Monday, November 29, 2021
Nov. 29, 2021

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Chickens, fuel spill onto I-5 following 6-vehicle crash

Poultry handlers sent to North Fork Lewis River Bridge to round up chickens

By , Columbian Social Services, Demographics, Faith

Fifty to 60 chickens got loose on Interstate 5 on Monday afternoon following a six-vehicle collision on the North Fork Lewis River Bridge, just south of Woodland. Two people sustained minor injuries.

The crash, which was reported in the northbound lanes around 3:20 p.m., caused a 13-mile backup and slowed traffic for several hours. It involved a tractor-trailer, an armored truck, two sport utility vehicles, a pickup and a big rig without a trailer.

The collision occurred when the pickup truck, a black Ford F-150 driven by Mark W. Backstrom, 54, of Longview, changed lanes to avoid a vehicle stopped illegally in the left lane, according to a Washington State Patrol press memo. The pickup lost control, struck the inside rail of the bridge and came to a stop.

That’s when the pickup was struck by a green 1995 Freightliner tractor that wasn’t pulling a trailer.

The grey armored truck, a silver 2011 Ford escape and a black GMC Sierra slowed down to avoid the crash when a tractor-trailer hauling chickens, driven by 43-year-old Robert L. York of Toledo, hit all three of the vehicles that had slowed down, according to State Patrol.

The White 2001 Freightliner was hauling two trailers, which contained hundreds of chickens stored in pallet crates, said Tim Dawdy of Clark County Fire & Rescue. “Some of those broke open, so there’s chickens on the freeway,” he said Monday afternoon.

Poultry handlers were deployed to the crash site to round up the chickens and transfer them to another tractor-trailer that had been sent to the bridge, Dawdy said.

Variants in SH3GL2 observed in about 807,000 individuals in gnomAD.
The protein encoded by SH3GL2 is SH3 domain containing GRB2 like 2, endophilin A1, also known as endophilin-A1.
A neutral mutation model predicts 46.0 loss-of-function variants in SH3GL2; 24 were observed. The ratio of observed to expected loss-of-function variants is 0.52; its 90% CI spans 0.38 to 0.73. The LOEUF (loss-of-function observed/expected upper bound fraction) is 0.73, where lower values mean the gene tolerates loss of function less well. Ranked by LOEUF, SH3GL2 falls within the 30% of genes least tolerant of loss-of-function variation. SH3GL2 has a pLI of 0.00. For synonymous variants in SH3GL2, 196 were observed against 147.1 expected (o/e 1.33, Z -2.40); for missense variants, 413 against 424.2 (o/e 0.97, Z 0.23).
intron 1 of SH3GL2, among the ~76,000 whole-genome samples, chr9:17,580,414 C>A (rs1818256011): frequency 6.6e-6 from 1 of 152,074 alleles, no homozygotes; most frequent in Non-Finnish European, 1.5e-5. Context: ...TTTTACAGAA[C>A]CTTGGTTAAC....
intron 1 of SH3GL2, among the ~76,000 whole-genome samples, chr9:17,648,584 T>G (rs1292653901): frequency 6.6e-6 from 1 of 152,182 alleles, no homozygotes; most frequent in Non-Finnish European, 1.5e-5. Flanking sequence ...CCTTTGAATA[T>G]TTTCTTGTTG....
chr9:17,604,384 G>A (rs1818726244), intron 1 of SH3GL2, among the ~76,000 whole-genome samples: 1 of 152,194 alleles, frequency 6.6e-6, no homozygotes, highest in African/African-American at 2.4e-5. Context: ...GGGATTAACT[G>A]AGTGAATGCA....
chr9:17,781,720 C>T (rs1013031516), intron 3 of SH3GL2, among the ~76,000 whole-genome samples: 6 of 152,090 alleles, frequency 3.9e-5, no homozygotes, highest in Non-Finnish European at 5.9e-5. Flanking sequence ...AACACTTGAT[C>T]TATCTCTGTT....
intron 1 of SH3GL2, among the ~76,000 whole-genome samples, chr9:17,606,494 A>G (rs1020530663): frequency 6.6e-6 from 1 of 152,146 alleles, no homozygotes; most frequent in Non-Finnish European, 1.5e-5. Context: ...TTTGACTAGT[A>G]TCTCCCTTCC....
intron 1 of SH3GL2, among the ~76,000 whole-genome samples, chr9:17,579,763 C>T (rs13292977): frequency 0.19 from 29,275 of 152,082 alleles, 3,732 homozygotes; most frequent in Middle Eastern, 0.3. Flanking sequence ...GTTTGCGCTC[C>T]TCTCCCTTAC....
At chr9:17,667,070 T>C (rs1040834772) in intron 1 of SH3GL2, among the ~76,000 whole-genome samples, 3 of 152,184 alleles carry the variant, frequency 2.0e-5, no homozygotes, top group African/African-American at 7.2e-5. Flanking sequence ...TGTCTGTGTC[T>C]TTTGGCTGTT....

Diesel spilled from two of the vehicles, so firefighters blocked the bridge drains to prevent fuel from flowing into the river. The vehicles were so intertwined that firefighters had trouble accessing the leaks, Dawdy said. The Washington State Department of Ecology was notified about the spill, and the state Department of Transportation was sent to help with traffic control.

York and the driver of the Escape, 62-year-old Portland resident Richard E. Miller, were injured, but they did not need to be transported to the hospital, according to State Patrol.

Backstrom, the pickup’s driver, was cited for making an unsafe lane change, and York, who was hauling the chickens, was cited for following too close and speeding, according to State Patrol.

The vehicle that had stopped illegally in the left lane helped cause the crash, according to State Patrol. It’s unclear whether the driver of that vehicle was cited.

Two lanes on the three-lane span were blocked while emergency responders cleaned up the crash and the vehicles were towed. The collision was cleared around 7 p.m., but traffic was backed up to the Clark County Fairgrounds area in Ridgefield for at least another 45 minutes.

David Holmes said it took him three hours to drive from downtown Vancouver to his home in Kalama.

Other, less serious collisions on I-5 in north Clark County contributed to the traffic mess.

“We’ve been running from one collision to another,” said Washington State Patrol Trooper Stephen Robley.

Columbian Social Services, Demographics, Faith